9. Deep Fakes in the Metaverse
While deepfake technology has many beneficial uses — such as recreating historical figures for educational settings, or providing AI-enabled synthetic media accessibility tools for those who need them — malicious use of the technology is a problem.
Deepfakes can be used to create images and videos of anyone, including celebrities, politicians or tech leaders, and can be used to support any agenda. Deepfakes have gotten so good that it can be hard to tell the difference between real footage and digital fakes.
As we move into and spend more time in virtual worlds, we’re going to need ways to verify our identities so that our interactions with others are protected and safe.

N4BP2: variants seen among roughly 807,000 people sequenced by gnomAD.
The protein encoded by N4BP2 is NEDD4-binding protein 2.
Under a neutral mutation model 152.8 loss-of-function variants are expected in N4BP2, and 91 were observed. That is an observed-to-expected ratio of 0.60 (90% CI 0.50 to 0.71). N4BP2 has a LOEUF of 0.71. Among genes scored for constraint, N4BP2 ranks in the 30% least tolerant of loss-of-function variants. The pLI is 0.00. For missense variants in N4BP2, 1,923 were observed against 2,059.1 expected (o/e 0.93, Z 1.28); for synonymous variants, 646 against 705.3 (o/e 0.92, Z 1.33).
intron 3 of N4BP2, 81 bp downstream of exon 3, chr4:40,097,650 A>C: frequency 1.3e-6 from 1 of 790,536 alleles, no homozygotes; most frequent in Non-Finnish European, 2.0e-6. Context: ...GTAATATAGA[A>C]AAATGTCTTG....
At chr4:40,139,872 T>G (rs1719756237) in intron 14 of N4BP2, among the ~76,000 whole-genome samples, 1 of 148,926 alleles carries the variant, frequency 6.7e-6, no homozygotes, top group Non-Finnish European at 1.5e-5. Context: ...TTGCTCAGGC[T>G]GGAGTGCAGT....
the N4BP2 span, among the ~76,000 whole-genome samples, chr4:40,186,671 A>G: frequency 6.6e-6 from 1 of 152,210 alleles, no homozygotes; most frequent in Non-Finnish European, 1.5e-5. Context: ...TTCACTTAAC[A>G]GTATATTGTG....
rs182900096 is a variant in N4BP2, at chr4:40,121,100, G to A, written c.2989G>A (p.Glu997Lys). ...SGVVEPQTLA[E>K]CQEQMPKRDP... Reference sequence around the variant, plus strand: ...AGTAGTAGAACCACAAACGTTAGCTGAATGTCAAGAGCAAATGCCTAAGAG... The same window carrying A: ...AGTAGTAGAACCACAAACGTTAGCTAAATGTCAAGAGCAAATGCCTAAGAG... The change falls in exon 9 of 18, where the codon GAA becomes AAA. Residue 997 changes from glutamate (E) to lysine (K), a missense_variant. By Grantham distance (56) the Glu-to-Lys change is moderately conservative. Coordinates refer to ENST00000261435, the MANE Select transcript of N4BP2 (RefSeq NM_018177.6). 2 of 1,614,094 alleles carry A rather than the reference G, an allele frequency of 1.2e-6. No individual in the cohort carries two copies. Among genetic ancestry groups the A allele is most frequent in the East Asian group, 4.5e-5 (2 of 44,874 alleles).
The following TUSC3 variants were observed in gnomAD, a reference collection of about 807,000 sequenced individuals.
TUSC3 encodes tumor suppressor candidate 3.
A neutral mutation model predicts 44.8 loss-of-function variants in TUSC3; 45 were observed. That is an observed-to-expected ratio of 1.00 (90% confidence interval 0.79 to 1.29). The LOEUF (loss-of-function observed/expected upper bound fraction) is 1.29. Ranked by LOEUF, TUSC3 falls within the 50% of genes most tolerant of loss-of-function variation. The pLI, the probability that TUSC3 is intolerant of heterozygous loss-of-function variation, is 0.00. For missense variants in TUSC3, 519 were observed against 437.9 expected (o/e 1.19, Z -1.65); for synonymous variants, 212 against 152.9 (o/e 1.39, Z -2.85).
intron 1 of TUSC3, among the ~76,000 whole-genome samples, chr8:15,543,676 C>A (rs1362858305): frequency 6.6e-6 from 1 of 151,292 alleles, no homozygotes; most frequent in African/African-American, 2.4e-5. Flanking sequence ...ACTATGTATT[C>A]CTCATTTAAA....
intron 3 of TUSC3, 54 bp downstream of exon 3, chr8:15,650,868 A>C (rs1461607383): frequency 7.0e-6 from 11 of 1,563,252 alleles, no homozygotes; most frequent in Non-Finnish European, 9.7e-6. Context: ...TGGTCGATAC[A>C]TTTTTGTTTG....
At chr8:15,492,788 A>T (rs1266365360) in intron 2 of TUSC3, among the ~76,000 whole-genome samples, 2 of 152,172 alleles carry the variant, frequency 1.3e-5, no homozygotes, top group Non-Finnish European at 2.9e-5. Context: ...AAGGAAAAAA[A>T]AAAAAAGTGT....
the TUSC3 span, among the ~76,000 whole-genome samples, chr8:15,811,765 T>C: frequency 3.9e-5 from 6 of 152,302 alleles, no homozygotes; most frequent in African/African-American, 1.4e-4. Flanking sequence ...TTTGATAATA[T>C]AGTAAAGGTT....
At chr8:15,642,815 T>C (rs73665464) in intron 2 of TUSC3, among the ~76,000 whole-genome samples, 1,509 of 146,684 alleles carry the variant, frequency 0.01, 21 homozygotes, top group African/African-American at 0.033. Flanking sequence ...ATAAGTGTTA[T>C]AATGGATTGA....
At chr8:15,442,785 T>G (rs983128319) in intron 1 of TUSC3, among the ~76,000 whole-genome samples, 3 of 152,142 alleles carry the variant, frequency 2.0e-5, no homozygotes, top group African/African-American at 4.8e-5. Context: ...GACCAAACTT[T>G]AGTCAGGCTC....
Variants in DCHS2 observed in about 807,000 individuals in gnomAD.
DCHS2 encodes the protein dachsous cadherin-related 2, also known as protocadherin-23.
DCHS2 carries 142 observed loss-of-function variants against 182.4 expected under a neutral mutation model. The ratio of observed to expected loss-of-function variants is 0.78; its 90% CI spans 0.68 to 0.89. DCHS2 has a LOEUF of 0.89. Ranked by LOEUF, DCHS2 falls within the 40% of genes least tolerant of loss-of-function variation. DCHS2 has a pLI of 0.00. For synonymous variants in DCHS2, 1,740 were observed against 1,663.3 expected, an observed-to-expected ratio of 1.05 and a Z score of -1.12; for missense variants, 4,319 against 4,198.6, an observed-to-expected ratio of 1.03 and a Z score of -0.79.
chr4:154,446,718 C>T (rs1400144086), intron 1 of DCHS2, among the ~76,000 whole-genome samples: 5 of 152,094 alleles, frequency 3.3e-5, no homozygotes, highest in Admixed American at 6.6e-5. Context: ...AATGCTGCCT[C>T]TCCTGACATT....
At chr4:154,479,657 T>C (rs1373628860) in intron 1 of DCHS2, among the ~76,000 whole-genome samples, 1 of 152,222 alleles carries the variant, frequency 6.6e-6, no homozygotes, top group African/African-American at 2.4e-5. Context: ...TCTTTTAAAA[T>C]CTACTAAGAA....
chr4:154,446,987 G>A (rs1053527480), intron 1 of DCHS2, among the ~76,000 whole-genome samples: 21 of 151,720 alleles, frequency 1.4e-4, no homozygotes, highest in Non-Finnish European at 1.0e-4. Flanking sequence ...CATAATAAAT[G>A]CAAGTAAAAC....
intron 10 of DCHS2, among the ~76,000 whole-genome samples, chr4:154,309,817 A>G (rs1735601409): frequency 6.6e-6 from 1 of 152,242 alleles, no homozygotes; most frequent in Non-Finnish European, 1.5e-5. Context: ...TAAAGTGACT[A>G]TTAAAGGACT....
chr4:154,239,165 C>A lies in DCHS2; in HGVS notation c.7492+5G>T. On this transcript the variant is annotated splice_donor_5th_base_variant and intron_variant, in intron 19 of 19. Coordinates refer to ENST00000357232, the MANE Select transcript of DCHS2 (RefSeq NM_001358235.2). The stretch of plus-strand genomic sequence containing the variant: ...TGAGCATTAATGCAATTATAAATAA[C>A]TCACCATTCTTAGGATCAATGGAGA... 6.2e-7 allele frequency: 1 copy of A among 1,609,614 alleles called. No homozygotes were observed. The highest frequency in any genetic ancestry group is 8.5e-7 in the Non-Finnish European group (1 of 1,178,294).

Scientists have developed nanobots — tiny robots at the nanoscale — that can enter our bloodstream and even bypass the blood-brain barrier.
The technology has huge potential benefits in sampling, data collection and transmission, and drug delivery—but also high potential for abuse. In the future, nanobots might even be used to teleport human minds.
Weaponized nanobots could kill a specific person or group of people, and even rewrite their memories, turning them against themselves. In our modern world of highly connected devices, there are also serious privacy concerns. In a world of nanobots, what protects our medical data and minds? Strong regulation and oversight are necessary to provide transparency and prevent these problems.